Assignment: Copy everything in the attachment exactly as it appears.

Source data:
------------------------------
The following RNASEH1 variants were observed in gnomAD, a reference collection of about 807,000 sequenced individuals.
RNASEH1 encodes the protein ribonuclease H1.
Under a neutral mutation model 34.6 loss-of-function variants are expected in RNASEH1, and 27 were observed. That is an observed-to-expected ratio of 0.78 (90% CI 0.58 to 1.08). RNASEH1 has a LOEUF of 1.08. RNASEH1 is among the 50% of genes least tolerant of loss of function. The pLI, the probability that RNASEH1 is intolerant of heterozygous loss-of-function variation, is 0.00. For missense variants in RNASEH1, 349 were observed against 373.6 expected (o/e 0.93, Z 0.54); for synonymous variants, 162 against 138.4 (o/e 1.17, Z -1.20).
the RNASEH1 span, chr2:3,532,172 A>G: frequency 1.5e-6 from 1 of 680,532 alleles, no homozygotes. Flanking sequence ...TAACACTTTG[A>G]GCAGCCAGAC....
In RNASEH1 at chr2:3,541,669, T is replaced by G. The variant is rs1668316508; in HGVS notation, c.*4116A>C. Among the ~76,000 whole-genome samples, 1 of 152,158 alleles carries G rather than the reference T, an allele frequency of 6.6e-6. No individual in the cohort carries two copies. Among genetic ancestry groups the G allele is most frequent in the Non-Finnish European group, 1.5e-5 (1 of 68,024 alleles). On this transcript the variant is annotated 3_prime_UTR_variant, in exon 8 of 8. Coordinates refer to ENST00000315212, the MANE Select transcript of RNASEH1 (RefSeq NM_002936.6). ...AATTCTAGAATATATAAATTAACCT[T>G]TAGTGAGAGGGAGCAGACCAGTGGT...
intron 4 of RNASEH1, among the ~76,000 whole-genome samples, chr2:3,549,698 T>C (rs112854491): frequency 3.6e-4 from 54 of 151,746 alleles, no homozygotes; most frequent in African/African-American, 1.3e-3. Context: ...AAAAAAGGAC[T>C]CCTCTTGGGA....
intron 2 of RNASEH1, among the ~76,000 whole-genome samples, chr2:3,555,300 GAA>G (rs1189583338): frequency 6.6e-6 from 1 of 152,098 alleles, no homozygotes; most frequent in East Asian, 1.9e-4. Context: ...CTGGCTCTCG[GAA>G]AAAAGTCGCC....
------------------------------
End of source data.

The following RNASEH1 variants were observed in gnomAD, a reference collection of about 807,000 sequenced individuals.
RNASEH1 encodes the protein ribonuclease H1.
Under a neutral mutation model 34.6 loss-of-function variants are expected in RNASEH1, and 27 were observed. That is an observed-to-expected ratio of 0.78 (90% CI 0.58 to 1.08). RNASEH1 has a LOEUF of 1.08. RNASEH1 is among the 50% of genes least tolerant of loss of function. The pLI, the probability that RNASEH1 is intolerant of heterozygous loss-of-function variation, is 0.00. For missense variants in RNASEH1, 349 were observed against 373.6 expected (o/e 0.93, Z 0.54); for synonymous variants, 162 against 138.4 (o/e 1.17, Z -1.20).
the RNASEH1 span, chr2:3,532,172 A>G: frequency 1.5e-6 from 1 of 680,532 alleles, no homozygotes. Flanking sequence ...TAACACTTTG[A>G]GCAGCCAGAC....
In RNASEH1 at chr2:3,541,669, T is replaced by G. The variant is rs1668316508; in HGVS notation, c.*4116A>C. Among the ~76,000 whole-genome samples, 1 of 152,158 alleles carries G rather than the reference T, an allele frequency of 6.6e-6. No individual in the cohort carries two copies. Among genetic ancestry groups the G allele is most frequent in the Non-Finnish European group, 1.5e-5 (1 of 68,024 alleles). On this transcript the variant is annotated 3_prime_UTR_variant, in exon 8 of 8. Coordinates refer to ENST00000315212, the MANE Select transcript of RNASEH1 (RefSeq NM_002936.6). ...AATTCTAGAATATATAAATTAACCT[T>G]TAGTGAGAGGGAGCAGACCAGTGGT...
intron 4 of RNASEH1, among the ~76,000 whole-genome samples, chr2:3,549,698 T>C (rs112854491): frequency 3.6e-4 from 54 of 151,746 alleles, no homozygotes; most frequent in African/African-American, 1.3e-3. Context: ...AAAAAAGGAC[T>C]CCTCTTGGGA....
intron 2 of RNASEH1, among the ~76,000 whole-genome samples, chr2:3,555,300 GAA>G (rs1189583338): frequency 6.6e-6 from 1 of 152,098 alleles, no homozygotes; most frequent in East Asian, 1.9e-4. Context: ...CTGGCTCTCG[GAA>G]AAAAGTCGCC....